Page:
“So, we had a conversation about 20, 25 minutes and I left the room reassured by him that he wouldn’t do this. But, it now seems that he is coming out for a No Deal Brexit.”

The International Development Secretary then tweeted: “The star name will not always be the best choice. There may be times when Jiminy Cricket would make a better leader than Pinocchio.”

What is his Twitter presence?

Mr Stewart made headlines after tweeting about how he’s hit the streets to talk to everyday people about issues that concern them.

He spent a few days in London before heading to Wigan and then Warrington.

Every time he would tweet his exact location and invite people to chat with him.

He would also tweet an image or video of the person who he spoke with.

Mr Stewart has more than 87,000 followers on Twitter.

Comments

Popular posts from this blog

Politicians are wrong about what the public want

So the, out of touch political elite are trying to say that the public would be happy to cough up an extra £2000 a year, per household to prop up the NHS? 
Advertisers website Wrong! While many British families struggle to make ends meet, the political elite thinks that people will be glad to fund a failing business that is being run into the ground because of their failed policies on how the NHS is managed?

No. This just shows that we have monkeys running our country! Many people on Facebook have shared the above post on various pages; a large number of those people don't even do politics. If our political elite were more than just yes men weighed down by the chains of political correctness, they would see that the people of Britain have had enough. 
Ever increasing taxation to try and fix their mistakes? 
Continuiosly using the NHS as a stick to beat the opposition or a classic party political paper dragon! (Paper Dragon): a politician or political party whocampaign to fox the proble…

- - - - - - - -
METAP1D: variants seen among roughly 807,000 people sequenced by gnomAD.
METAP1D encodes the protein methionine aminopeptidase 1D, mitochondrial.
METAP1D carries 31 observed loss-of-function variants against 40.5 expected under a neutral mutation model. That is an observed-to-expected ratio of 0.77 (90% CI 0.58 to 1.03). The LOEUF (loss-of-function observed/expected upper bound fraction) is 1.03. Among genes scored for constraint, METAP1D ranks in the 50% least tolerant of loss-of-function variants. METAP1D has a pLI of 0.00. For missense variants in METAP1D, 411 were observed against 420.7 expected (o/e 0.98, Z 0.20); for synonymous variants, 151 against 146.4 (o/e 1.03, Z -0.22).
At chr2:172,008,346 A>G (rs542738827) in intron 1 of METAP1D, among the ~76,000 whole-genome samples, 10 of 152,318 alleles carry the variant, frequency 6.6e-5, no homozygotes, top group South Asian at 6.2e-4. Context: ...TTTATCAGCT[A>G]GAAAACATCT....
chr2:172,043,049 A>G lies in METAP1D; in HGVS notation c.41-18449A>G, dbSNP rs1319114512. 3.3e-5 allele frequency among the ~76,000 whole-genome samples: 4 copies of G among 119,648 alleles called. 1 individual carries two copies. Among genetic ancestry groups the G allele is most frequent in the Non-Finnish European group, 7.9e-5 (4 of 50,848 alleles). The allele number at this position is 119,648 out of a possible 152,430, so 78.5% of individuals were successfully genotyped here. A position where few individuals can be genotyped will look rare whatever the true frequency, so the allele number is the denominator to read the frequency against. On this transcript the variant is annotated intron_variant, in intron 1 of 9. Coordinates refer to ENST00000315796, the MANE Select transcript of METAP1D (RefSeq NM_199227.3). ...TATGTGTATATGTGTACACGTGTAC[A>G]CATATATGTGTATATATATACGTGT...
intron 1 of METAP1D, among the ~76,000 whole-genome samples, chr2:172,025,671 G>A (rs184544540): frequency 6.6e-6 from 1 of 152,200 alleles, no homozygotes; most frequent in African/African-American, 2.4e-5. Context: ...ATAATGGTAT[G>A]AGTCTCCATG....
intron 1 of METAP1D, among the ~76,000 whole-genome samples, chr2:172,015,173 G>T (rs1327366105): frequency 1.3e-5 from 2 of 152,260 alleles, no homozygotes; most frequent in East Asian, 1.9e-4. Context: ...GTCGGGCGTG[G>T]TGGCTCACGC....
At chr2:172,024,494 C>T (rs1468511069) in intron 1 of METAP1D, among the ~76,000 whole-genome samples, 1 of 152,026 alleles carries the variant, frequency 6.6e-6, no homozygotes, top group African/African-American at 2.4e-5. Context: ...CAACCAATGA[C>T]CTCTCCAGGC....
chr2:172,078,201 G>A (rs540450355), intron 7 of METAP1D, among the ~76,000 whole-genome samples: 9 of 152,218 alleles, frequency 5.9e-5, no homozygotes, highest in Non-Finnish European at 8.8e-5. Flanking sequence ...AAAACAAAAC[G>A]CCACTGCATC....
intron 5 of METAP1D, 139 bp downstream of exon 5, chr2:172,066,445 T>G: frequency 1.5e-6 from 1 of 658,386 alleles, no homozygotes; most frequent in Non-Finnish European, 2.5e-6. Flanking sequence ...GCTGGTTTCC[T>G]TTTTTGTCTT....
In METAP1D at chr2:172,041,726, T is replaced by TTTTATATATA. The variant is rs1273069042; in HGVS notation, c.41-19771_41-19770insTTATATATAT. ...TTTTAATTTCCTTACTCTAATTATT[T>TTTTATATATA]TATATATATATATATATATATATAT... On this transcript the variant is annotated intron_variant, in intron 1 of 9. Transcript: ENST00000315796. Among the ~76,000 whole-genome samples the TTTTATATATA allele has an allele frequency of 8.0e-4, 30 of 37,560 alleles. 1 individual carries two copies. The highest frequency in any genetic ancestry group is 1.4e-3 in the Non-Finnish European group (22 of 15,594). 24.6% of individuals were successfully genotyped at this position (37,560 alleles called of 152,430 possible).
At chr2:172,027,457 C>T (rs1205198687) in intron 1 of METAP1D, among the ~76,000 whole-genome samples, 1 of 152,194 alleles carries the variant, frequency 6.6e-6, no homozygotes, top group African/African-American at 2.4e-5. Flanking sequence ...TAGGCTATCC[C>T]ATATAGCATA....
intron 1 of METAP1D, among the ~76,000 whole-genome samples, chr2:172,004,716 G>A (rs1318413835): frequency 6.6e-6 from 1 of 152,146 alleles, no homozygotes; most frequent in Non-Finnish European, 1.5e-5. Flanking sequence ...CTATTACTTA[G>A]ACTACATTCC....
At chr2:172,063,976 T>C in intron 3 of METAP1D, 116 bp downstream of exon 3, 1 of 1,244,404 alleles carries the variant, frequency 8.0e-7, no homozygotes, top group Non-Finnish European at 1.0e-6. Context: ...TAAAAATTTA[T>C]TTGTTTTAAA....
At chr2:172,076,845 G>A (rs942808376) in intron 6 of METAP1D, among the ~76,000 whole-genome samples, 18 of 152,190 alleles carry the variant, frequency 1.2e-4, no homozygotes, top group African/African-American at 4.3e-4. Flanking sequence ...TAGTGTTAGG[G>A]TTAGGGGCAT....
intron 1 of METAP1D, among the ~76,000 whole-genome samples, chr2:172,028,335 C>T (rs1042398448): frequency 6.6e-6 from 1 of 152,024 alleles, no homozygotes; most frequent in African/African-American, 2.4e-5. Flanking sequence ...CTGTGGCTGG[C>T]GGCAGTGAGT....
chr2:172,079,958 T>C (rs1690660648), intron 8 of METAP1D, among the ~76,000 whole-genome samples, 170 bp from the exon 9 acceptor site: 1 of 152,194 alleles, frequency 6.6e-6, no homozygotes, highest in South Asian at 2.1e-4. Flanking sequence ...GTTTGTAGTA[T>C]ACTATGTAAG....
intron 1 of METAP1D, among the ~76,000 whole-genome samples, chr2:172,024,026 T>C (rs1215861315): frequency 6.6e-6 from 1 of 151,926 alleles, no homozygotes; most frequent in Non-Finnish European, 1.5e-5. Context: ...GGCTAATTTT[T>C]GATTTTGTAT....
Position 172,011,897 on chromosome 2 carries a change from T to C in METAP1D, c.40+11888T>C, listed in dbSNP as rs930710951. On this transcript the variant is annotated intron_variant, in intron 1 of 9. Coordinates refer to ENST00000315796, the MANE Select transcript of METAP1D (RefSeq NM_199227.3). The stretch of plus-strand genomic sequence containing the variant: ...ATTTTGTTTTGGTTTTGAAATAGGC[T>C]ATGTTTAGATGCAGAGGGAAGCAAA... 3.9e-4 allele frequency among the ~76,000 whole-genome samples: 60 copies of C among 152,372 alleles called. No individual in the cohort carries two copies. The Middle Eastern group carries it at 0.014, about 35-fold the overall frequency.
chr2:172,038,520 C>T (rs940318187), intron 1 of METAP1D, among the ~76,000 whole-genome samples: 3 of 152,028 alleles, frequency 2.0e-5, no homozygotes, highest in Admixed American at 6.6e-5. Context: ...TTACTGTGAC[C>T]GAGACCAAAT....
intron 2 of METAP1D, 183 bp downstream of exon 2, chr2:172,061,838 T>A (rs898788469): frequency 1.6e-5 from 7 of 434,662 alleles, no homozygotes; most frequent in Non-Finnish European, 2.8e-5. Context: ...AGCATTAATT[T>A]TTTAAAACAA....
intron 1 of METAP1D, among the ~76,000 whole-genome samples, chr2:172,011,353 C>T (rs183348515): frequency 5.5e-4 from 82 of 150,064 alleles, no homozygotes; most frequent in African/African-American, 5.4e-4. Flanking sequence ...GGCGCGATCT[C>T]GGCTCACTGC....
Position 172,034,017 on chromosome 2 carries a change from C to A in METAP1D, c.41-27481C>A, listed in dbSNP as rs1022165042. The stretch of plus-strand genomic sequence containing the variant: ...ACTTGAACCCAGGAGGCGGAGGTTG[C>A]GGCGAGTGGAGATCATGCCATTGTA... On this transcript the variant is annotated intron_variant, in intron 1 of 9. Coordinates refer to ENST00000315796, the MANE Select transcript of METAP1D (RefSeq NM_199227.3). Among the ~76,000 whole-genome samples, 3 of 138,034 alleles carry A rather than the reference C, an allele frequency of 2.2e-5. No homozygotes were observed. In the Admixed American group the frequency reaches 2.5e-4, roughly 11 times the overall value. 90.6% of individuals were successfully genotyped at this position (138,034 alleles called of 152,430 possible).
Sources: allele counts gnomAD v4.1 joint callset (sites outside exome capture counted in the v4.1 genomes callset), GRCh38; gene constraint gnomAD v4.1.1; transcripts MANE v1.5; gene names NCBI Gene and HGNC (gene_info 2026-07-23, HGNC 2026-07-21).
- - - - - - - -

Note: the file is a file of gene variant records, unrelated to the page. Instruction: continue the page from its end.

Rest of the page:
PETITION - Keep Swinson OUT of the Lords

Keep Jo Swinson from being given a Peerage.
Sign the petition and share this everywhere

If Jo Swinson is given honors, it will be a scandal and ANOTHER Nail in the coffin for the House of Lords. Sign the petition

CLICK HERE TO SIGN

Has the Supreme Court handed Boris Johnson a Brexit escape route?

The Supreme Court’s judgment is the latest constitutional perversion after the Benn act. But ironically it may assist the Government in achieving its objective of Britain leaving the EU by 31 October, without having to seek an extension to the Article 50 process.
In paragraph 34, the Supreme Court states that its ‘proper function’ under our constitution is to give effect to the separation of powers (which justifies court intervention in relation to prorogation). Then, in what appears to be an innocuous sentence in paragraph 55, it says that it is to be “remember[ed] always that the actual task of governing is for the executive and not for Parliament or the courts.”
Yet the Benn Act manifestly contradicts this principle. It dictates how the Government must conduct negotiations with a foreign body, the EU, to the extent of obliging the Prime Minister to write specifically worded letters and accept whatever extension it offers when certain conditions are not met. In the situation when t…